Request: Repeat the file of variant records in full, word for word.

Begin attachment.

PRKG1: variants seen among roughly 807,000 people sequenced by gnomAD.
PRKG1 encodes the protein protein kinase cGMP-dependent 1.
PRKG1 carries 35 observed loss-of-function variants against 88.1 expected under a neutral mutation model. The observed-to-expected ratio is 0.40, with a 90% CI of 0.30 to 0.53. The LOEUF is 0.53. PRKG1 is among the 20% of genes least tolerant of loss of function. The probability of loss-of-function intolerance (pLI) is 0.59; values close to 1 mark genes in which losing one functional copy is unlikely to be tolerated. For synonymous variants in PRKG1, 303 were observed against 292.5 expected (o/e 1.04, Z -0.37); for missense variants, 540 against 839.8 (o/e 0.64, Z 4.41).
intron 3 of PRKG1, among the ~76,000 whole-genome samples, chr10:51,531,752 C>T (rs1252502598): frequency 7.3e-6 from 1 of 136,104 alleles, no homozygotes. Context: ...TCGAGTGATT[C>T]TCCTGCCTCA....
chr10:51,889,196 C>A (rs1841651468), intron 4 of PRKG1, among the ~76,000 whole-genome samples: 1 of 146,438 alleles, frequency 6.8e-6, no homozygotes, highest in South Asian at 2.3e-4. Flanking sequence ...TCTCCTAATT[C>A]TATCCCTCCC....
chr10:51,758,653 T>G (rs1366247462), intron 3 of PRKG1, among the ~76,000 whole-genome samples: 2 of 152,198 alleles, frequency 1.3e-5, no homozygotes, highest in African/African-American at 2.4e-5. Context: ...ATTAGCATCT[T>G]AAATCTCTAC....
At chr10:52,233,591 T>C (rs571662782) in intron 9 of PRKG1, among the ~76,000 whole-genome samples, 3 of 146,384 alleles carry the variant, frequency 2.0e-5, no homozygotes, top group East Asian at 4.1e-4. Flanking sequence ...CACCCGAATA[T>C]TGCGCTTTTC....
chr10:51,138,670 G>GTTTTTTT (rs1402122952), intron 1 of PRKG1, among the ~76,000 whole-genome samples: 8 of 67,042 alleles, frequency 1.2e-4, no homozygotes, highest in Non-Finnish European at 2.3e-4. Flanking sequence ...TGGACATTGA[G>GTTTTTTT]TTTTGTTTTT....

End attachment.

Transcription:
PRKG1: variants seen among roughly 807,000 people sequenced by gnomAD.
PRKG1 encodes the protein protein kinase cGMP-dependent 1.
PRKG1 carries 35 observed loss-of-function variants against 88.1 expected under a neutral mutation model. The observed-to-expected ratio is 0.40, with a 90% CI of 0.30 to 0.53. The LOEUF is 0.53. PRKG1 is among the 20% of genes least tolerant of loss of function. The probability of loss-of-function intolerance (pLI) is 0.59; values close to 1 mark genes in which losing one functional copy is unlikely to be tolerated. For synonymous variants in PRKG1, 303 were observed against 292.5 expected (o/e 1.04, Z -0.37); for missense variants, 540 against 839.8 (o/e 0.64, Z 4.41).
intron 3 of PRKG1, among the ~76,000 whole-genome samples, chr10:51,531,752 C>T (rs1252502598): frequency 7.3e-6 from 1 of 136,104 alleles, no homozygotes. Context: ...TCGAGTGATT[C>T]TCCTGCCTCA....
chr10:51,889,196 C>A (rs1841651468), intron 4 of PRKG1, among the ~76,000 whole-genome samples: 1 of 146,438 alleles, frequency 6.8e-6, no homozygotes, highest in South Asian at 2.3e-4. Flanking sequence ...TCTCCTAATT[C>A]TATCCCTCCC....
chr10:51,758,653 T>G (rs1366247462), intron 3 of PRKG1, among the ~76,000 whole-genome samples: 2 of 152,198 alleles, frequency 1.3e-5, no homozygotes, highest in African/African-American at 2.4e-5. Context: ...ATTAGCATCT[T>G]AAATCTCTAC....
At chr10:52,233,591 T>C (rs571662782) in intron 9 of PRKG1, among the ~76,000 whole-genome samples, 3 of 146,384 alleles carry the variant, frequency 2.0e-5, no homozygotes, top group East Asian at 4.1e-4. Flanking sequence ...CACCCGAATA[T>C]TGCGCTTTTC....
chr10:51,138,670 G>GTTTTTTT (rs1402122952), intron 1 of PRKG1, among the ~76,000 whole-genome samples: 8 of 67,042 alleles, frequency 1.2e-4, no homozygotes, highest in Non-Finnish European at 2.3e-4. Flanking sequence ...TGGACATTGA[G>GTTTTTTT]TTTTGTTTTT....